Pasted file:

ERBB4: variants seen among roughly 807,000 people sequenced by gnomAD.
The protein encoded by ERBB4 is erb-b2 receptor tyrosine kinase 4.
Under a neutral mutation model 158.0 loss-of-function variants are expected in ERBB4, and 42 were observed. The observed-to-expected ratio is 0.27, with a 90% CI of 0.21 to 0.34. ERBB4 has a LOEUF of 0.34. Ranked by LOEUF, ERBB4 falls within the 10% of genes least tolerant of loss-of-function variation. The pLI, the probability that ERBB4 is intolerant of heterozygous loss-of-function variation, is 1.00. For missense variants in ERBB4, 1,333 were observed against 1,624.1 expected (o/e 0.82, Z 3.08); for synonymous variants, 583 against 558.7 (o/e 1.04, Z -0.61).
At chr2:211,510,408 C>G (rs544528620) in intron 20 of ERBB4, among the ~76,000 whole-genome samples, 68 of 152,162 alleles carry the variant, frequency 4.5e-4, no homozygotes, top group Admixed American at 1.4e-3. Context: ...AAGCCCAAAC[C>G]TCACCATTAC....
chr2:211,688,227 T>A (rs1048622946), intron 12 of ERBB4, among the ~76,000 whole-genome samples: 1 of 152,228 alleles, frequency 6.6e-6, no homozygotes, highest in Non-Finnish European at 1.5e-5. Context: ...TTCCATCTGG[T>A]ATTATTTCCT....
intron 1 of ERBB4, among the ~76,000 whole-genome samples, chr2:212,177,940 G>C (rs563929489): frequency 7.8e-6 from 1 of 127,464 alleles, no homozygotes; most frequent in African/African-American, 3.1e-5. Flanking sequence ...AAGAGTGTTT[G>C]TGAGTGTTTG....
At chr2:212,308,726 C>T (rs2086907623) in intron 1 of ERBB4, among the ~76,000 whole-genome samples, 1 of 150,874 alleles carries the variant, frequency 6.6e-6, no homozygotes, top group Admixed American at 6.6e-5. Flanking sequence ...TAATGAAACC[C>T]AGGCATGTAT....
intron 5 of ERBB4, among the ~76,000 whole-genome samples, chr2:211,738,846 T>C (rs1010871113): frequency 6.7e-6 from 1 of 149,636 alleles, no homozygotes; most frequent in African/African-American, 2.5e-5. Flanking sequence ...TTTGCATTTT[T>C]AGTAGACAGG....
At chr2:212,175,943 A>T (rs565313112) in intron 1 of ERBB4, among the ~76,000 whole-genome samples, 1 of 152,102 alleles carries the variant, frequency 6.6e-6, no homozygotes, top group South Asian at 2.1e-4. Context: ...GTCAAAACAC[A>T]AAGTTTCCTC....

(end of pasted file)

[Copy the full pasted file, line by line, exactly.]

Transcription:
ERBB4: variants seen among roughly 807,000 people sequenced by gnomAD.
The protein encoded by ERBB4 is erb-b2 receptor tyrosine kinase 4.
Under a neutral mutation model 158.0 loss-of-function variants are expected in ERBB4, and 42 were observed. The observed-to-expected ratio is 0.27, with a 90% CI of 0.21 to 0.34. ERBB4 has a LOEUF of 0.34. Ranked by LOEUF, ERBB4 falls within the 10% of genes least tolerant of loss-of-function variation. The pLI, the probability that ERBB4 is intolerant of heterozygous loss-of-function variation, is 1.00. For missense variants in ERBB4, 1,333 were observed against 1,624.1 expected (o/e 0.82, Z 3.08); for synonymous variants, 583 against 558.7 (o/e 1.04, Z -0.61).
At chr2:211,510,408 C>G (rs544528620) in intron 20 of ERBB4, among the ~76,000 whole-genome samples, 68 of 152,162 alleles carry the variant, frequency 4.5e-4, no homozygotes, top group Admixed American at 1.4e-3. Context: ...AAGCCCAAAC[C>G]TCACCATTAC....
chr2:211,688,227 T>A (rs1048622946), intron 12 of ERBB4, among the ~76,000 whole-genome samples: 1 of 152,228 alleles, frequency 6.6e-6, no homozygotes, highest in Non-Finnish European at 1.5e-5. Context: ...TTCCATCTGG[T>A]ATTATTTCCT....
intron 1 of ERBB4, among the ~76,000 whole-genome samples, chr2:212,177,940 G>C (rs563929489): frequency 7.8e-6 from 1 of 127,464 alleles, no homozygotes; most frequent in African/African-American, 3.1e-5. Flanking sequence ...AAGAGTGTTT[G>C]TGAGTGTTTG....
At chr2:212,308,726 C>T (rs2086907623) in intron 1 of ERBB4, among the ~76,000 whole-genome samples, 1 of 150,874 alleles carries the variant, frequency 6.6e-6, no homozygotes, top group Admixed American at 6.6e-5. Flanking sequence ...TAATGAAACC[C>T]AGGCATGTAT....
intron 5 of ERBB4, among the ~76,000 whole-genome samples, chr2:211,738,846 T>C (rs1010871113): frequency 6.7e-6 from 1 of 149,636 alleles, no homozygotes; most frequent in African/African-American, 2.5e-5. Flanking sequence ...TTTGCATTTT[T>C]AGTAGACAGG....
At chr2:212,175,943 A>T (rs565313112) in intron 1 of ERBB4, among the ~76,000 whole-genome samples, 1 of 152,102 alleles carries the variant, frequency 6.6e-6, no homozygotes, top group South Asian at 2.1e-4. Context: ...GTCAAAACAC[A>T]AAGTTTCCTC....